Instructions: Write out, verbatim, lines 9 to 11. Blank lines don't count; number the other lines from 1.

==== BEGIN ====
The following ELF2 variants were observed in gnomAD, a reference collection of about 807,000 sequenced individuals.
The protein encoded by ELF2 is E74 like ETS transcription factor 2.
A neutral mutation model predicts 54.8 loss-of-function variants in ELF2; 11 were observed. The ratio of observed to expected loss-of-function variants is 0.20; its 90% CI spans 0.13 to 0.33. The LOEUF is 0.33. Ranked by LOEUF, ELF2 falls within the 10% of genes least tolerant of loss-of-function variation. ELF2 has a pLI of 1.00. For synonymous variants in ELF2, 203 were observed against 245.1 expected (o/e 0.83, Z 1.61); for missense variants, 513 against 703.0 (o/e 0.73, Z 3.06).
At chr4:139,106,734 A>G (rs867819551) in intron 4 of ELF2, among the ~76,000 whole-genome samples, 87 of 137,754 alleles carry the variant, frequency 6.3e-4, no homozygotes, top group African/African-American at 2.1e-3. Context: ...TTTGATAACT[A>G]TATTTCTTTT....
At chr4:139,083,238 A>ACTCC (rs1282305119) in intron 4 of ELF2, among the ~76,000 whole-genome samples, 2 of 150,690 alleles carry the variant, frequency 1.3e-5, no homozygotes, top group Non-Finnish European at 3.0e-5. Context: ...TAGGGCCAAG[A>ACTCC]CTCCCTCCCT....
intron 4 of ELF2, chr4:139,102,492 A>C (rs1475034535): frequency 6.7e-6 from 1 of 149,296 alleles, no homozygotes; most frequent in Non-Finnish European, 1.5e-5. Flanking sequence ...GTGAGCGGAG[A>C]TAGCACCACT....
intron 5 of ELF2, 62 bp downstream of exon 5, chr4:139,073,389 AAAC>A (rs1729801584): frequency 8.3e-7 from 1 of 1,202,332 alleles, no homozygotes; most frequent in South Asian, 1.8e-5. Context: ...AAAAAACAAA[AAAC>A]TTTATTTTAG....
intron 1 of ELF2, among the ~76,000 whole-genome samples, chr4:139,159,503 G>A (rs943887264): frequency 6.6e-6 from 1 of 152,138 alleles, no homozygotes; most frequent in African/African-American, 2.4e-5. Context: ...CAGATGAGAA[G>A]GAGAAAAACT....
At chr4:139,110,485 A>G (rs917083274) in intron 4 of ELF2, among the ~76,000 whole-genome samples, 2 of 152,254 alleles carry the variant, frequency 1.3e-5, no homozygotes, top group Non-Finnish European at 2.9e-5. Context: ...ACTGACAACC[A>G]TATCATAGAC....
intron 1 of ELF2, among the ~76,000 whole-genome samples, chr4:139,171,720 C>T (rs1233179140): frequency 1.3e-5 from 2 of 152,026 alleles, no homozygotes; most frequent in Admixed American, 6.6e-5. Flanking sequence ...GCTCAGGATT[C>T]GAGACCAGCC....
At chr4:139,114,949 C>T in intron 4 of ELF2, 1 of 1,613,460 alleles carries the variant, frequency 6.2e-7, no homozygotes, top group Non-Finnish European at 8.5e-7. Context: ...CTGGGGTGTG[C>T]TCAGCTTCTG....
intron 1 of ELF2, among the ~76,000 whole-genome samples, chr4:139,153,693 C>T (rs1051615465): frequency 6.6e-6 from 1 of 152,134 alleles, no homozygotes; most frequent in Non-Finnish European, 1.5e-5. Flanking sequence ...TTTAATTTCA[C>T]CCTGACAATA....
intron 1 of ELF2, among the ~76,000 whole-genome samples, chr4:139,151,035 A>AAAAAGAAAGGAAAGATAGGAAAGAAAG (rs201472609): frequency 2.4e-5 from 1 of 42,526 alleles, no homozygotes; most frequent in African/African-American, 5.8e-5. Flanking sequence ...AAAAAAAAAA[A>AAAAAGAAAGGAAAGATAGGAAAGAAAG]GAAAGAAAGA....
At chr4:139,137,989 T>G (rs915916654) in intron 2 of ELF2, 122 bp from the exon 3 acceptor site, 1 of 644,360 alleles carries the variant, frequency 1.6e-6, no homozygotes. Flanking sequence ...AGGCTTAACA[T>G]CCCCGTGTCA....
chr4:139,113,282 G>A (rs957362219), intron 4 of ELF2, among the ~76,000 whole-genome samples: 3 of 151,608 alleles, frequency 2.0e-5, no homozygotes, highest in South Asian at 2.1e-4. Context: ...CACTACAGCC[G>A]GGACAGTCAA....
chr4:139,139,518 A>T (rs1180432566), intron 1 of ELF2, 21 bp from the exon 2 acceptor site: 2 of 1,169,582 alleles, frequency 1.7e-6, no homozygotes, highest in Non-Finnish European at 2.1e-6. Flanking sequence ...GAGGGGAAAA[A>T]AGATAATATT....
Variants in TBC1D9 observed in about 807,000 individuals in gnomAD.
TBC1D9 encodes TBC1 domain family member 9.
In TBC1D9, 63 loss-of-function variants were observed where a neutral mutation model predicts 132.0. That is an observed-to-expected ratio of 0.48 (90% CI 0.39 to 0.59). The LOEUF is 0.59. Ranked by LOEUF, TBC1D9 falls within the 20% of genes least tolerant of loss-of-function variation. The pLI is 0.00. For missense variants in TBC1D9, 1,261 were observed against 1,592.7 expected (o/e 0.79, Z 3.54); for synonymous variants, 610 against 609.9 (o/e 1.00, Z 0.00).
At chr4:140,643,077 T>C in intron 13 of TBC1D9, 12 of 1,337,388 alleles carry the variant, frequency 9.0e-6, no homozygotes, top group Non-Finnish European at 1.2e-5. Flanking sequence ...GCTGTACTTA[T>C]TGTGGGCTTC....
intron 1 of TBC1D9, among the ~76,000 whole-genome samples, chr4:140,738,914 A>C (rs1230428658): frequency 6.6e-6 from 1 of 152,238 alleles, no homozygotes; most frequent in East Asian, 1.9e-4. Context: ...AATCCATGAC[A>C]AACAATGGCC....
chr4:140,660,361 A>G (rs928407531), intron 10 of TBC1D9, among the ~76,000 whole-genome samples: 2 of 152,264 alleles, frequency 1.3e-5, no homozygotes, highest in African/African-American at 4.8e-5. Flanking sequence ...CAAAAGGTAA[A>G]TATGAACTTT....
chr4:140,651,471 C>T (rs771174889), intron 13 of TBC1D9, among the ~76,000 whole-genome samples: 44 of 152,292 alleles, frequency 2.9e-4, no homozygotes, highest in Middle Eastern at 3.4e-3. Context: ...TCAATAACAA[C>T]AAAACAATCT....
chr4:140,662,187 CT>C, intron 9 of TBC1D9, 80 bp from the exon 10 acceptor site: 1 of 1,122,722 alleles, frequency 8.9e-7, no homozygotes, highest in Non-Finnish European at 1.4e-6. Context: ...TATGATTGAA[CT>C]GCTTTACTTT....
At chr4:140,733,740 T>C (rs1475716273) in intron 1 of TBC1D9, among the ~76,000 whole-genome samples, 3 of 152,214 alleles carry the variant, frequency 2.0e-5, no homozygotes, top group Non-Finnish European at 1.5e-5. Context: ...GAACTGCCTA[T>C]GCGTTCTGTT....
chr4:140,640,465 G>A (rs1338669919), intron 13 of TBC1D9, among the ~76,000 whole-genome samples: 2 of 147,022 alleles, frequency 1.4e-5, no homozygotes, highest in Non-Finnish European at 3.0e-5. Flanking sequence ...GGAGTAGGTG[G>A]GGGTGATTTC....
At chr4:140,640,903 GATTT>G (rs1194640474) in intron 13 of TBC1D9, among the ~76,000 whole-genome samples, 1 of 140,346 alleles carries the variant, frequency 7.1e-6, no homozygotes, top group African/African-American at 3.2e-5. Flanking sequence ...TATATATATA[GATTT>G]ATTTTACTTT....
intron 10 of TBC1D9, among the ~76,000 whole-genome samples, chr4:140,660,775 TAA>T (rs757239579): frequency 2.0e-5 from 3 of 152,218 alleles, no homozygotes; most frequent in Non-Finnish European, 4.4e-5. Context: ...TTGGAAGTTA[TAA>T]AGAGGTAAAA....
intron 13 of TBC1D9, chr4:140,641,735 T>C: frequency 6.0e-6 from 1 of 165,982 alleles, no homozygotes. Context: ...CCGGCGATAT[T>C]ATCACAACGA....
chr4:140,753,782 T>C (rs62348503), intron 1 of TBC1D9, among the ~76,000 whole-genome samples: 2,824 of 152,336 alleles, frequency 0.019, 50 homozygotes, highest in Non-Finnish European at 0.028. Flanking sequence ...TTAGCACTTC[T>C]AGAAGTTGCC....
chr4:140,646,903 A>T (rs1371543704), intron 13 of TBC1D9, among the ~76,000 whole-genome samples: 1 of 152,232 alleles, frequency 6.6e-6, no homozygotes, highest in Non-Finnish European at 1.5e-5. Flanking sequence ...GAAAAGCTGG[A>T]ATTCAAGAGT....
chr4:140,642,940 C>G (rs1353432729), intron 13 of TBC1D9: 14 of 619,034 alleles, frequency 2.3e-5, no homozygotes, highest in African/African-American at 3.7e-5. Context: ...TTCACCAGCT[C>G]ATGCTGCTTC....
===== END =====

At chr4:139,110,485 A>G (rs917083274) in intron 4 of ELF2, among the ~76,000 whole-genome samples, 2 of 152,254 alleles carry the variant, frequency 1.3e-5, no homozygotes, top group Non-Finnish European at 2.9e-5. Context: ...ACTGACAACC[A>G]TATCATAGAC....
intron 1 of ELF2, among the ~76,000 whole-genome samples, chr4:139,171,720 C>T (rs1233179140): frequency 1.3e-5 from 2 of 152,026 alleles, no homozygotes; most frequent in Admixed American, 6.6e-5. Flanking sequence ...GCTCAGGATT[C>T]GAGACCAGCC....
At chr4:139,114,949 C>T in intron 4 of ELF2, 1 of 1,613,460 alleles carries the variant, frequency 6.2e-7, no homozygotes, top group Non-Finnish European at 8.5e-7. Context: ...CTGGGGTGTG[C>T]TCAGCTTCTG....